San Jose, California, to Puno, Peru
Days 1 to 2
Saturday, July 18 to Sunday, July 19, 2015
Steve and I were very excited to start our 22nd trip with Cheesemans’ Ecology Safaris! For our ride to the airport, we decided to use Wingz an Uber-like airport taxi service. It sure beat our usual method of a shared van ride since we didn’t have to pick up anyone else on our way. Plus we were happy we were only going to the nearby San Jose airport instead of all the way to San Francisco. We arrived at the airport with plenty of spare time for our 1:30 PM flight to Dallas to catch our overnight flight to Lima, Peru. Our flights went off without a hitch and we arrived in the capital city of Lima, Peru at 5:30 AM.
A pre-arranged airport greeter met us as we cleared customs in Lima and escorted us to our next flight to Juliaca. The Lima airport is very crowded and busy, so we were glad to have a greeter to show us the ropes even though this seemed like a luxury. The greeter explained a few things then showed us our gate and left us to wait on our own. We had a few hours to kill before our flight so we bought some Starbucks coffee and a bit of breakfast. At the gate we found out that we were bumped up to business class–a very nice touch especially since we were very tired. Our Peruvian guide later told us that they usually do this for tourists since we pay more for airfare. The plane was medium-sized and filled mostly with local people so we sat back and napped during the 1-1/2 hour flight. We landed at the very small airport of Juliaca where our two guides were waiting to meet us. Saturnino will be with us for the next few days and Juan had time to join us for the first day and then will rejoin us when we meet up with the main group. Juan owns the company in Peru that made all the arrangements for this tour for Cheesemans’ Ecology Safaris.
We exited the airport and hopped on a waiting van then drove two hours to the town of Puno a city of 150,000 people that lies on the shores of Lake Titicaca. This lake is popularly known as the highest altitude navigable lake in the world – and it sure was big. The air is very thin here at 12,500 feet and Steve and I could already feel it, especially exasperated by our tiredness. All four of us registered at the Royal Inn Hotel located right on the town square. Juan knew how tired we were after traveling for 24 hours, so he suggested that we rest in our rooms for a few hours then meet back in the lobby at 4:30 PM. Steve and I quickly repacked our suitcases – we divide our clothes and gear, mixing half of each in our two bags just in case one gets lost. Then we plopped in bed and took a much-needed nap.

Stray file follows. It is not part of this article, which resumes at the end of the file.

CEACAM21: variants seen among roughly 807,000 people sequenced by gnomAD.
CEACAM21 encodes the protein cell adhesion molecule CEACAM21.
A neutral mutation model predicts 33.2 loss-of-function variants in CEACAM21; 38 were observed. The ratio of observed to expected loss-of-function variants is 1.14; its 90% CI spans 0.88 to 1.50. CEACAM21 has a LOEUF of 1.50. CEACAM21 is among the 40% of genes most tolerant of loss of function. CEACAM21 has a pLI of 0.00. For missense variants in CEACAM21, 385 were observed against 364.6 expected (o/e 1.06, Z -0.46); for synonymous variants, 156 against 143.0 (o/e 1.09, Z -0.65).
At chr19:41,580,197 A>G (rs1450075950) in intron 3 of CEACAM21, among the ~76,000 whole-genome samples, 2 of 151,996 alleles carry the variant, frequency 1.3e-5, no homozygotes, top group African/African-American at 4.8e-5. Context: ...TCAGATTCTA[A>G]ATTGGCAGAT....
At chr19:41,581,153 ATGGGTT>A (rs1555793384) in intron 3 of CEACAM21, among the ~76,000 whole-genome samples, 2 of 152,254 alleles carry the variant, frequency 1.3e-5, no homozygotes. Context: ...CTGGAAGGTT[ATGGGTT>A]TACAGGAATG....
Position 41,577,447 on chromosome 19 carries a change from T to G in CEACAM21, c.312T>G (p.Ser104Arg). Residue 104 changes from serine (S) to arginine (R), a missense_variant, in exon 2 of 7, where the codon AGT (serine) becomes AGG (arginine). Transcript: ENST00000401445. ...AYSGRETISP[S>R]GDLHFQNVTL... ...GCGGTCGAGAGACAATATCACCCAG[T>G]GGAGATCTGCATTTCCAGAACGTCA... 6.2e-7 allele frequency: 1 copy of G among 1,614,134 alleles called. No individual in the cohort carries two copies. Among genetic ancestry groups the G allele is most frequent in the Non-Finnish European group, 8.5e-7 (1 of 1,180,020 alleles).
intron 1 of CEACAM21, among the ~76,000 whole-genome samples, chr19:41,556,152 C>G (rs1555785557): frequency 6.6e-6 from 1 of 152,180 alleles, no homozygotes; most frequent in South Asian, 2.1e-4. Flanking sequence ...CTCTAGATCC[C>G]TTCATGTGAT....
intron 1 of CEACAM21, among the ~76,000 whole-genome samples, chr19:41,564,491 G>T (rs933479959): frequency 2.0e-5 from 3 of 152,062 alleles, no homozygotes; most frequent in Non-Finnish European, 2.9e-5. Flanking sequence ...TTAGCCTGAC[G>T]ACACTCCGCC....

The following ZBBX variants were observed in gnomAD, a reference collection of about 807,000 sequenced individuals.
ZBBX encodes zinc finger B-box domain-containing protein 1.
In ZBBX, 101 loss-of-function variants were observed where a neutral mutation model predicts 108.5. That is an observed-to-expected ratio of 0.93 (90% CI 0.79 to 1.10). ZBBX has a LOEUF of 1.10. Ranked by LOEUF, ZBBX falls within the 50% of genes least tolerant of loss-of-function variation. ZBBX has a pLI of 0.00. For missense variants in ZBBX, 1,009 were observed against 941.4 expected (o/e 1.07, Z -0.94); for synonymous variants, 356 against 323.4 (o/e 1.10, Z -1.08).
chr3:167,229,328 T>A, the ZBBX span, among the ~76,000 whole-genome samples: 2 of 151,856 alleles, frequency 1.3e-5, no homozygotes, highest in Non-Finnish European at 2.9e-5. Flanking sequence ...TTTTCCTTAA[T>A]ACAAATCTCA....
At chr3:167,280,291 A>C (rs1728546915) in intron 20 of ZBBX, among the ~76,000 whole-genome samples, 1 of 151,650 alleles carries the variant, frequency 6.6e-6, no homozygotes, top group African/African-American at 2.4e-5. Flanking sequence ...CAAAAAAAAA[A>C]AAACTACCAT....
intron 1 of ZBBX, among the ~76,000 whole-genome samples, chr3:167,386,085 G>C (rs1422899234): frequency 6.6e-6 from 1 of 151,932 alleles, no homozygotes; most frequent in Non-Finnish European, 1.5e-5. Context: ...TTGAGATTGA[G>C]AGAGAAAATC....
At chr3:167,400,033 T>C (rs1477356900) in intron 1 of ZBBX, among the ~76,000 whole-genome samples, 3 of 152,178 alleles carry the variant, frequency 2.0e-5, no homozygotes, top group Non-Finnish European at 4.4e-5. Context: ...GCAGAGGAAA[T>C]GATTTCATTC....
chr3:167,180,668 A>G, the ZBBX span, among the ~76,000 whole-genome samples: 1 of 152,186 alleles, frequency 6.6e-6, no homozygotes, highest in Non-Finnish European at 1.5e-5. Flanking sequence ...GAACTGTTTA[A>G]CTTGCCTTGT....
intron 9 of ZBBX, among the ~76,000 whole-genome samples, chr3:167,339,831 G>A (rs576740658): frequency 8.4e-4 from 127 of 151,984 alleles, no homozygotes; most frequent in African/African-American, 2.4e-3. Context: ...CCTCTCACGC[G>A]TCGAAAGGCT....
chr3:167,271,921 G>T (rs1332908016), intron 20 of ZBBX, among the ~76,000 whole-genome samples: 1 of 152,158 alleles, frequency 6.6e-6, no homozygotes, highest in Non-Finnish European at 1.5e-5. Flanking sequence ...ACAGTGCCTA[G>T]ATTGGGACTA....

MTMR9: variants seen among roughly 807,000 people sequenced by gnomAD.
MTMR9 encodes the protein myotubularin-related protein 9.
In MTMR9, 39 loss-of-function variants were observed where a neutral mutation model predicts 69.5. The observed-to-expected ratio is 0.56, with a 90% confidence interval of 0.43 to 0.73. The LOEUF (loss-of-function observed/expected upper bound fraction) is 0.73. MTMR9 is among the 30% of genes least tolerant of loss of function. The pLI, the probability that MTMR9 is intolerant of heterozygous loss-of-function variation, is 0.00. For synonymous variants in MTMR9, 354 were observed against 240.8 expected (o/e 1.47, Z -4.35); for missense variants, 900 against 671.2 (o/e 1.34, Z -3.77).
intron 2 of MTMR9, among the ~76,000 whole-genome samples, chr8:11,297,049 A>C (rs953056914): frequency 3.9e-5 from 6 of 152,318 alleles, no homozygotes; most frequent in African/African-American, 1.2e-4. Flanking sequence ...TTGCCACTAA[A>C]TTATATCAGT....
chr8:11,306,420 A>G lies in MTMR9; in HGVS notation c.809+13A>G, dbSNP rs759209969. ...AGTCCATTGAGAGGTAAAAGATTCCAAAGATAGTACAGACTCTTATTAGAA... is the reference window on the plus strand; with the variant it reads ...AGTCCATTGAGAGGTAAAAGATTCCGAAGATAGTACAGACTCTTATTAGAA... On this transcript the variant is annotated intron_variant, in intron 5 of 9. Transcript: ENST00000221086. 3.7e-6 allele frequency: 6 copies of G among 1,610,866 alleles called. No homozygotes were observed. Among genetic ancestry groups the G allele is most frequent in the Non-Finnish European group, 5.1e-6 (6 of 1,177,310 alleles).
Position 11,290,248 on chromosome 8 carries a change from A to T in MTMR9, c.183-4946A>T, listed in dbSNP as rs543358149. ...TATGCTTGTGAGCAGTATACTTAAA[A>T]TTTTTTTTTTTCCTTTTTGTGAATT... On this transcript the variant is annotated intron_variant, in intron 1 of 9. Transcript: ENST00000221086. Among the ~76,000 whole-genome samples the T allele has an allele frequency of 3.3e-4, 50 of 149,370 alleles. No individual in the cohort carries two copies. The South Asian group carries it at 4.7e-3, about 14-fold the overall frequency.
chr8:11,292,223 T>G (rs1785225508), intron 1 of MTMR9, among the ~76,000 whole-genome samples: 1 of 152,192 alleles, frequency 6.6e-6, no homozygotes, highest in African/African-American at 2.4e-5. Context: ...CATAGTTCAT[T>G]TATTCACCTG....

At 4:30 PM we met back in the lobby and then flagged down a taxi for the 15-minute ride to the Puno dock on Lake Titicaca – the thin air kept us breathing hard, so we were glad for the ride. We walked on the promenade and Saturnino identified unfamiliar birds in the lake and surroundings, using his scope for us to get good looks. We saw a beautiful Many-colored Rush Tyrant – a small bird that reminds me of our Common Yellowthroat but colored yellow, white, purple, and orange. There were also many Andean Gulls, Andean Coots, Titicaca Grebe (flightless and found nowhere else!), and White-tufted Grebe.
Many local people were also walking along the promenade since it was Sunday and they curiously watched the “weird tourists watching birds with a telescope escorted by Peruvians.” They probably thought we were rich! Along the dock there was an alley of small shops under awnings, but they were all closed today since it was Sunday. After about an hour of birdwatching, we took a taxi back to the hotel to drop our gear off then met in the lobby for dinner. We walked a couple blocks down the narrow streets bordered by narrow high-curbed sidewalks to an open mall – more like a street closed to traffic lined with shops and restaurants. Juan, Saturnino, Steve and I ate at an Italian restaurant and ordered two pizzas to share and I got a bowl of quinoa soup.
Quinoa and potatoes are native to Peru and are both very popular in this part of the country. Some say that there are over three thousand varieties of potatoes here all differing in taste, texture, color and size – many more than we see in the USA. They think potatoes were domesticated about ten thousand years ago in the high Andes. Quinoa has seen a recent worldwide explosion in popularity benefitting farmers at the expense of the local people who rely on it as a staple in their diet. This healthy grain originated here in the Lake Titicaca area of Peru and we could see fallow (it is wintertime here) fields for quinoa all over.
After dinner we made our way back to the hotel where Juan said good-bye to us – he will meet up with us again in Cusco with the rest of the group. Steve and I went straight to bed after relaxing hot showers.